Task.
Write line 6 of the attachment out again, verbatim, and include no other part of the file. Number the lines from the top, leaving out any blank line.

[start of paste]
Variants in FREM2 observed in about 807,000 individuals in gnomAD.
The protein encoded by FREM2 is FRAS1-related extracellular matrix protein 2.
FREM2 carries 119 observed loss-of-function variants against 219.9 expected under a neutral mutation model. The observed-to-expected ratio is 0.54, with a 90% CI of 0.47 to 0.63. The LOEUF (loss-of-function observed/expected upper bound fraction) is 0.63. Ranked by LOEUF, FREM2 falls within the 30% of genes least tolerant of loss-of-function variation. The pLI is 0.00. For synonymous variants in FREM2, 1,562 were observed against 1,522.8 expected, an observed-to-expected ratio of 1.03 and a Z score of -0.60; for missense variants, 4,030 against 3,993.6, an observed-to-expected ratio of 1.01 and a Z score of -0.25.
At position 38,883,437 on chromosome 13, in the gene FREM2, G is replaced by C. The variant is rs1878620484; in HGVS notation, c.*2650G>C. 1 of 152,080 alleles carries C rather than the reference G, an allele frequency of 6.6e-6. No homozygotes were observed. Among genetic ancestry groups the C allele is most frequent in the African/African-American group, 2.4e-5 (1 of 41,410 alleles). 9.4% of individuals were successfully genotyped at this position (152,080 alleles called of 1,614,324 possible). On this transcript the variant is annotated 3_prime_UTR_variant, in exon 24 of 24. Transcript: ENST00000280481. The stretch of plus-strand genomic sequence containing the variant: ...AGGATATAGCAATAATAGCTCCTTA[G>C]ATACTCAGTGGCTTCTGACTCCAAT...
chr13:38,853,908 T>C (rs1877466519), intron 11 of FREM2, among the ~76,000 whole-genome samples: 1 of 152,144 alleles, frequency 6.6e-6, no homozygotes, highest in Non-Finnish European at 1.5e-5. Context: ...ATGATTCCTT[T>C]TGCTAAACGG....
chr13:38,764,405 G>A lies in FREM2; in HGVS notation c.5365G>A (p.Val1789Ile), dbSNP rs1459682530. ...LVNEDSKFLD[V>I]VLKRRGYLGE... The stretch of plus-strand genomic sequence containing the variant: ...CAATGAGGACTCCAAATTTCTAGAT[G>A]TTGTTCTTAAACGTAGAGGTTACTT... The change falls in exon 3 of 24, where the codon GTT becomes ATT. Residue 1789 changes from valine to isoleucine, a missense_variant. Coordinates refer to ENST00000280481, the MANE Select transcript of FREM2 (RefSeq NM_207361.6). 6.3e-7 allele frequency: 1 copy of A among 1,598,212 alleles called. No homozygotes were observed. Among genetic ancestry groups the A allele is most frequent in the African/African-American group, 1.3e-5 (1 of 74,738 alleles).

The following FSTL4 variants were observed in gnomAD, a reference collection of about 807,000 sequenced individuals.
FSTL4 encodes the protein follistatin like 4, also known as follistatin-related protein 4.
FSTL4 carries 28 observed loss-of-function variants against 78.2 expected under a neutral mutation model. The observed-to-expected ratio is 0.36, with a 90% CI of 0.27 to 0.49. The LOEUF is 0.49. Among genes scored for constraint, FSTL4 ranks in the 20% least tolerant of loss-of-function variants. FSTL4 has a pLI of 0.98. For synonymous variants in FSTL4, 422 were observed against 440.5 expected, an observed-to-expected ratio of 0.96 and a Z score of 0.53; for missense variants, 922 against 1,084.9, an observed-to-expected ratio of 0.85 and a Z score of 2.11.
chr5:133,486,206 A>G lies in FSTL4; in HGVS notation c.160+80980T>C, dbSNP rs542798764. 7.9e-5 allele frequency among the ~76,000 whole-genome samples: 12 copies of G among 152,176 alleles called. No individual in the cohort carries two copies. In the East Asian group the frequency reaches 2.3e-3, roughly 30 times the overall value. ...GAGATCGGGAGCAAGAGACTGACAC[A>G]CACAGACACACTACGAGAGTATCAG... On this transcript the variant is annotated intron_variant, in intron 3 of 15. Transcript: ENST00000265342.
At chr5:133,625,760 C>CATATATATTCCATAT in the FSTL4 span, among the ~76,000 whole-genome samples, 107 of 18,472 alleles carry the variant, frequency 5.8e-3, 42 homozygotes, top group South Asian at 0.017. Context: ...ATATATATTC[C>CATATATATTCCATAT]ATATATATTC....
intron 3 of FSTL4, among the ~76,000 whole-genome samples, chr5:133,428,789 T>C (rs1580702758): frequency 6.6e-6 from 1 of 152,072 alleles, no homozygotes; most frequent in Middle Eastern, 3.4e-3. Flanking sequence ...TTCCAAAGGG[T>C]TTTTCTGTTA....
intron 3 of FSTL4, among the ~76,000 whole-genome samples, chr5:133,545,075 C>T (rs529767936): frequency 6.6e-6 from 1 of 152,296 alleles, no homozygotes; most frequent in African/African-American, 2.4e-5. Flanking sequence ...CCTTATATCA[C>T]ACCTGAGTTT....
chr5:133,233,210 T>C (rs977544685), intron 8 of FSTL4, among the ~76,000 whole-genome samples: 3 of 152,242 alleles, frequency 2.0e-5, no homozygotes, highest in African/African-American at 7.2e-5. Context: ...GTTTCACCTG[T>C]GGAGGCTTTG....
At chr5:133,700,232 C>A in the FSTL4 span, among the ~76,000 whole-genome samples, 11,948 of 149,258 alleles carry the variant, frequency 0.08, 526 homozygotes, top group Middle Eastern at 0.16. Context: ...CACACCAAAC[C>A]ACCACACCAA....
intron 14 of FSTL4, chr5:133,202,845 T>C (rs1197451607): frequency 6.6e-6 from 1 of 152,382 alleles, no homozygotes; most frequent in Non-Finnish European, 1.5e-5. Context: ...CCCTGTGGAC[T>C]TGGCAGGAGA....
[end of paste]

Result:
chr13:38,764,405 G>A lies in FREM2; in HGVS notation c.5365G>A (p.Val1789Ile), dbSNP rs1459682530. ...LVNEDSKFLD[V>I]VLKRRGYLGE... The stretch of plus-strand genomic sequence containing the variant: ...CAATGAGGACTCCAAATTTCTAGAT[G>A]TTGTTCTTAAACGTAGAGGTTACTT... The change falls in exon 3 of 24, where the codon GTT becomes ATT. Residue 1789 changes from valine to isoleucine, a missense_variant. Coordinates refer to ENST00000280481, the MANE Select transcript of FREM2 (RefSeq NM_207361.6). 6.3e-7 allele frequency: 1 copy of A among 1,598,212 alleles called. No homozygotes were observed. Among genetic ancestry groups the A allele is most frequent in the African/African-American group, 1.3e-5 (1 of 74,738 alleles).